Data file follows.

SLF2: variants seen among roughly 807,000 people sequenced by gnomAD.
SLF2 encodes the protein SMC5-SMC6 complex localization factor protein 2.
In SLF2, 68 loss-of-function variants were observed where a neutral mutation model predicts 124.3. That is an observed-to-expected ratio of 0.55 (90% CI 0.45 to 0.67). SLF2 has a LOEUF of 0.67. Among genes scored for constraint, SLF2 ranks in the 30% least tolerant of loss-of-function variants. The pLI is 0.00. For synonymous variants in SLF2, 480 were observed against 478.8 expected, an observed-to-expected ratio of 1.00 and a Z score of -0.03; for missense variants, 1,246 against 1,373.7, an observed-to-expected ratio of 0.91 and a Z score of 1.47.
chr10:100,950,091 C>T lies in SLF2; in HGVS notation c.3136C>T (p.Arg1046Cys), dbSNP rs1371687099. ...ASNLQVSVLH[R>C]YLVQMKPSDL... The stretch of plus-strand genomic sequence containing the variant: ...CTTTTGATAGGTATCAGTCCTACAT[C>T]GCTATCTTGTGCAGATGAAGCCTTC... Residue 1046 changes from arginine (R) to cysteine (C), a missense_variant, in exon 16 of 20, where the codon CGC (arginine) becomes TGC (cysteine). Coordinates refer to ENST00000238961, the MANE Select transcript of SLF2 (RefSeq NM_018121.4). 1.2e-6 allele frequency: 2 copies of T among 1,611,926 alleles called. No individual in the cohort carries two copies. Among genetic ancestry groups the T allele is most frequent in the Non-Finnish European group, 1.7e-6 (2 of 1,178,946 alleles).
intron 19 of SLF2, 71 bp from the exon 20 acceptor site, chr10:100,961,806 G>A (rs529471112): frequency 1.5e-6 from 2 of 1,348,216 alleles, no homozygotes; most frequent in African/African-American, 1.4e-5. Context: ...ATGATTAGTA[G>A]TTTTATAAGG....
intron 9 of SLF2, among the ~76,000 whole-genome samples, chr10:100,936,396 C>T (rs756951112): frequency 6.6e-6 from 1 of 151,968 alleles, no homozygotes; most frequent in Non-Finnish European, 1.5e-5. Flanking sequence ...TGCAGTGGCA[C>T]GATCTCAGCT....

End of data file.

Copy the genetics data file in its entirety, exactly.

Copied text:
SLF2: variants seen among roughly 807,000 people sequenced by gnomAD.
SLF2 encodes the protein SMC5-SMC6 complex localization factor protein 2.
In SLF2, 68 loss-of-function variants were observed where a neutral mutation model predicts 124.3. That is an observed-to-expected ratio of 0.55 (90% CI 0.45 to 0.67). SLF2 has a LOEUF of 0.67. Among genes scored for constraint, SLF2 ranks in the 30% least tolerant of loss-of-function variants. The pLI is 0.00. For synonymous variants in SLF2, 480 were observed against 478.8 expected, an observed-to-expected ratio of 1.00 and a Z score of -0.03; for missense variants, 1,246 against 1,373.7, an observed-to-expected ratio of 0.91 and a Z score of 1.47.
chr10:100,950,091 C>T lies in SLF2; in HGVS notation c.3136C>T (p.Arg1046Cys), dbSNP rs1371687099. ...ASNLQVSVLH[R>C]YLVQMKPSDL... The stretch of plus-strand genomic sequence containing the variant: ...CTTTTGATAGGTATCAGTCCTACAT[C>T]GCTATCTTGTGCAGATGAAGCCTTC... Residue 1046 changes from arginine (R) to cysteine (C), a missense_variant, in exon 16 of 20, where the codon CGC (arginine) becomes TGC (cysteine). Coordinates refer to ENST00000238961, the MANE Select transcript of SLF2 (RefSeq NM_018121.4). 1.2e-6 allele frequency: 2 copies of T among 1,611,926 alleles called. No individual in the cohort carries two copies. Among genetic ancestry groups the T allele is most frequent in the Non-Finnish European group, 1.7e-6 (2 of 1,178,946 alleles).
intron 19 of SLF2, 71 bp from the exon 20 acceptor site, chr10:100,961,806 G>A (rs529471112): frequency 1.5e-6 from 2 of 1,348,216 alleles, no homozygotes; most frequent in African/African-American, 1.4e-5. Context: ...ATGATTAGTA[G>A]TTTTATAAGG....
intron 9 of SLF2, among the ~76,000 whole-genome samples, chr10:100,936,396 C>T (rs756951112): frequency 6.6e-6 from 1 of 151,968 alleles, no homozygotes; most frequent in Non-Finnish European, 1.5e-5. Flanking sequence ...TGCAGTGGCA[C>T]GATCTCAGCT....